What are the critical and common elements/sections of a website Homepage

The success of a website does not only rely on it being up and running on the web, but the overall look and feel of your website matters as it translates and communicates with the audience how you can provide answers to their problems. In this article, we will be discussing some of the critical and common elements that need to be highlighted on a website homepage.

1) Headline

Your headline should be catchy and encompassing that the person browsing over your website can have a grasp of what you have to offer within three seconds. You may also opt for intriguing tag lines but make sure you don’t make it too cryptic because most of the browsers have limited attention span and perhaps you would lose your chances in getting that much-awaited conversion. The choice of words also matters. Keep it mind that, the shorter, the better. 

2) Sub-headline

This supplements the headline by offering a brief description of what you do or what you offer. You can do this by focusing on the fonts used and the play of words. Make sure to anchor it on the main features of your product or service. To optimize your headlines and text for mobile, use larger fonts to give visitors a better experience. 

3) Primary Calls-to-Action

Your homepage is the starting point of letting customers buy from you. What better way to do that than incorporating primary Calls To Action to compel visitors to dig deeper into your website and move them further down the funnel. Include two to three calls-to-action above the fold that direct people to different stages of the buying cycle and place them in spots that are easy to find.

These CTAs should be visually striking, ideally in a color that contrasts from the color scheme of your homepage, while still fitting in with the overall design. Keep the copy brief — no more than five words — and action-oriented, so it compels visitors to click whatever you’re offering. Examples of CTA copy are “Sign up,” “Make an appointment,” or “Try it for free.”

4) Imagery

Since most people are visual learners, it is helpful to choose appropriate images to incorporate in your content. It also pays to invest in an official photography of your brand’s site especially when you are selling products. You may also use short videos for your company profile and other content.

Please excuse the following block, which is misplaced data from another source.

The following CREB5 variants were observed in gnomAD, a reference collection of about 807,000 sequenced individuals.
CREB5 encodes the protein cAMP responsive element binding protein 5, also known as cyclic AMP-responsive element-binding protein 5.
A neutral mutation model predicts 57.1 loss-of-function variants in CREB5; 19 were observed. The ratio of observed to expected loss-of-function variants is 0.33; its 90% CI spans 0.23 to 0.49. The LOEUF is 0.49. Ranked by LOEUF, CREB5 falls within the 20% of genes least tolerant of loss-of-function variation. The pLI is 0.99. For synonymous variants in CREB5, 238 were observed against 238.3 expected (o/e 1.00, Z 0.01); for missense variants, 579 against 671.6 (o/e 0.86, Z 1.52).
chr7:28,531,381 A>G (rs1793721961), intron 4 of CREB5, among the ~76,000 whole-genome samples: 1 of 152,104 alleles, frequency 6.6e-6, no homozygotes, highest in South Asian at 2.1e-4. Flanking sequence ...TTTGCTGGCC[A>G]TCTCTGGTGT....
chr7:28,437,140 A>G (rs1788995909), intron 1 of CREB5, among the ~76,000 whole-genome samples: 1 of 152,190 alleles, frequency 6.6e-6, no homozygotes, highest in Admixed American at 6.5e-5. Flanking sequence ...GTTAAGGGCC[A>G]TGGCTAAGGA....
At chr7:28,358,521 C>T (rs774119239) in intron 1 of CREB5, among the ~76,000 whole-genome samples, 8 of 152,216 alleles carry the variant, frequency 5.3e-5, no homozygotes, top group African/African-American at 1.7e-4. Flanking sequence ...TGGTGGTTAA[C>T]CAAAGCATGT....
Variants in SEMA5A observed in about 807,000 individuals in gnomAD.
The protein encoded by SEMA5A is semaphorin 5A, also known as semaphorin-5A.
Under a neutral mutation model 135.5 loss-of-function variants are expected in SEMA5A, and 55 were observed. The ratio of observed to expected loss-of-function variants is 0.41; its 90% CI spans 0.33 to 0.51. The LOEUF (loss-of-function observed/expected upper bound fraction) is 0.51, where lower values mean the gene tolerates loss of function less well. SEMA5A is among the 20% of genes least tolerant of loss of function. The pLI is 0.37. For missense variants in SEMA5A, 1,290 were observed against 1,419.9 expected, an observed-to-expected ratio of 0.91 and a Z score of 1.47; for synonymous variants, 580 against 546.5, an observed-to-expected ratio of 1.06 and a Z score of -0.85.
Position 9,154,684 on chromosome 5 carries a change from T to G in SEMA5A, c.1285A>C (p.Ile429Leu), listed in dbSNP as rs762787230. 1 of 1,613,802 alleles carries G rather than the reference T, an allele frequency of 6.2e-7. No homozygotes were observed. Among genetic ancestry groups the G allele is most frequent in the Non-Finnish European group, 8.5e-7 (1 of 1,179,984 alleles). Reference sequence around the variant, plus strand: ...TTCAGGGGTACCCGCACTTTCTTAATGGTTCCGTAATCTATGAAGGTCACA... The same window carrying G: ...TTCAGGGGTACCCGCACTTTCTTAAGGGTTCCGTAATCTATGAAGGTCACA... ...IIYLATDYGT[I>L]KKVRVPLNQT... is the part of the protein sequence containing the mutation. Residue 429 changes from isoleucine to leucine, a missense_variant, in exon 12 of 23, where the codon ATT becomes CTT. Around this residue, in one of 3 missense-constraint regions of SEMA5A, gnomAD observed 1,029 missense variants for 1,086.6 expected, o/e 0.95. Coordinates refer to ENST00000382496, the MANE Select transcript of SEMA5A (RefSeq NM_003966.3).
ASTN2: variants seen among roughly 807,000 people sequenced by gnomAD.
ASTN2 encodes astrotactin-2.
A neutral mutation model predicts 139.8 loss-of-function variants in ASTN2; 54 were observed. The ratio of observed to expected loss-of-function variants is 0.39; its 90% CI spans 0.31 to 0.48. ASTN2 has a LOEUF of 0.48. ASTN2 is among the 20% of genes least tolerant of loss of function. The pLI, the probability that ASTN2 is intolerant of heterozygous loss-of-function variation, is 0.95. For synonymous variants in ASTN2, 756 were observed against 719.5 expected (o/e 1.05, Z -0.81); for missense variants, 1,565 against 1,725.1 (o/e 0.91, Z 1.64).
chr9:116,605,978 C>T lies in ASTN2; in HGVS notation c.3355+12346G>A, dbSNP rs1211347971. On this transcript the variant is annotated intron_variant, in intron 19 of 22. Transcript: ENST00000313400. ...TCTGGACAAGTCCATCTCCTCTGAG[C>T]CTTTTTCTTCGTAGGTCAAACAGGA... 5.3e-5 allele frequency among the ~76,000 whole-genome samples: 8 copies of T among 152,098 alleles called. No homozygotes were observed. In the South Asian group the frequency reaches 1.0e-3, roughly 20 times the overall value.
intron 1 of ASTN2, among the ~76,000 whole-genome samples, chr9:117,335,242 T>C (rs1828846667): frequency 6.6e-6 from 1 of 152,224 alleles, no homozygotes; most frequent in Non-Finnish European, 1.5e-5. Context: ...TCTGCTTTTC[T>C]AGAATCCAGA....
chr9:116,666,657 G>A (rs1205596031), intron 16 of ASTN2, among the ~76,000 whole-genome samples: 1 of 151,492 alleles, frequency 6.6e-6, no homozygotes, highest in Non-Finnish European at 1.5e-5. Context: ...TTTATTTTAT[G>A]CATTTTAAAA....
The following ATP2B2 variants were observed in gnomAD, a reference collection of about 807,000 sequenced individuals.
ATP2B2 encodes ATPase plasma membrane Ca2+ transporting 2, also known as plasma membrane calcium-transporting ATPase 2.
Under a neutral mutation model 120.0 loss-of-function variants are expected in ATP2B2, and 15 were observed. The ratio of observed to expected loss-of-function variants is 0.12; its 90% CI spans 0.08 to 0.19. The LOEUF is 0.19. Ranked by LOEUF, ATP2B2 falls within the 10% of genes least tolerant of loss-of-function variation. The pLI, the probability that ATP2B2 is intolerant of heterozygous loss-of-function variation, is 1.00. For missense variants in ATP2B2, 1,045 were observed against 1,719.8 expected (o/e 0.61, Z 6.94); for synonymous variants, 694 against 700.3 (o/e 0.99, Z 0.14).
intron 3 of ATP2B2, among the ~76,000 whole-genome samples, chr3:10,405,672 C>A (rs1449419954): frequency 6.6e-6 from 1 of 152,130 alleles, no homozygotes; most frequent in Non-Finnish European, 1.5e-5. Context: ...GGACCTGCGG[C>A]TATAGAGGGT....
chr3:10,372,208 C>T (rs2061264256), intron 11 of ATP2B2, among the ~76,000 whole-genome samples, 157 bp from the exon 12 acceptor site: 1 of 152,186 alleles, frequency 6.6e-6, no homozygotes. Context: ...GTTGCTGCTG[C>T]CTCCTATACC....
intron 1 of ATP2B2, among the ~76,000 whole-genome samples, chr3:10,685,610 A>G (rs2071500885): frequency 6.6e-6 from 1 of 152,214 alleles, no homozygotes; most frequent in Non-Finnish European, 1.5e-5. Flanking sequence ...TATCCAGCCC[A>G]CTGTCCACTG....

To optimize your images for mobile users, use high-quality images that have a reduced file size. You don’t want website visitors to rant about how pixelated and low quality your website images are.

5) Purpose

Your why must be reflected in the website. You may incorporate 2-3 sentences of why you’re doing this aligning such a statement with your organization’s mission statement. Do not underestimate this component as this will be the deal breaker for most prospects to consider buying for you and perhaps for them to be converted as loyal customers. Keep the copy lightweight and easy to read, and speak the language of your customers. Make it visually appealing and easily understandable.

6) Social Proof

Not all who visit your website are sure buyers. A brand, especially if it’s new, needs to have success stories and one way to achieve that is through publishing social proof. Social proof is a powerful indicator of trust. It speaks a lot of your authenticity as a brand because they hear testimonials and impressions from other users. You may include just a few of your best (short) quotes on the homepage, and link to case studies if applicable. 

7) Navigation

The goal here is to create a user-friendly, highly-intuitive interface navigation, one that allows users to freely navigate the website and access information with ease and convenience.  The navigation menu contains tabs of headings for the main parts of the websites. Make them visibly pleasing and organize links appropriately in a hierarchical structure.To ensure the best user experience for your website, make sure to test it with the very same team who helped you design it. 

8) Content Offer

A compelling content is the lifeblood of a website. To help your website generate more leads, you might want to utilize ebooks, guidebooks, newsletters and publish them on your website. Users who might be interested may opt to download to get to know about your products and services.

9) Secondary Calls-to-Action

Secondary CTAs are a more subtle approach to marketing intended for website visitors who are not yet convinced in byung at that moment but instead potential customers in the future. Incorporating secondary CTAs are helpful because they may opt to subscribe to your monthly newsletters and when the time comes, they will visit your site and consummate the transaction. These secondary CTAs target three different categories: retailers, virtual goods, and financial  which appeal to three different buyer personas.

10) Features 

Your key features are the go-to of your visitors for them to gain a deeper understanding of your products and services. Remember to keep the copy brief and concise so as not to bore your readers.

For those of you that are discovering Ngakkan Nyaagu (NGNY) for the first time, we are an Indigenous Digital Agency. NGNY is a 100% Aboriginal owned business and has been operating for 5 years. We have been engaged to deliver website, mobile app, graphic design and hosting services for Indigenous organisations and businesses, non-Indigenous organisations, businesses, government and enterprise. We are Supply Nation Certified, NSW Indigenous Chamber of Commerce (NSWICC) registered and B-Corporation Certified. We have gained a wealth of knowledge and experience along the way and have a lot to share with Indigenous businesses and the buyers of their products and services. (ngny.com.au)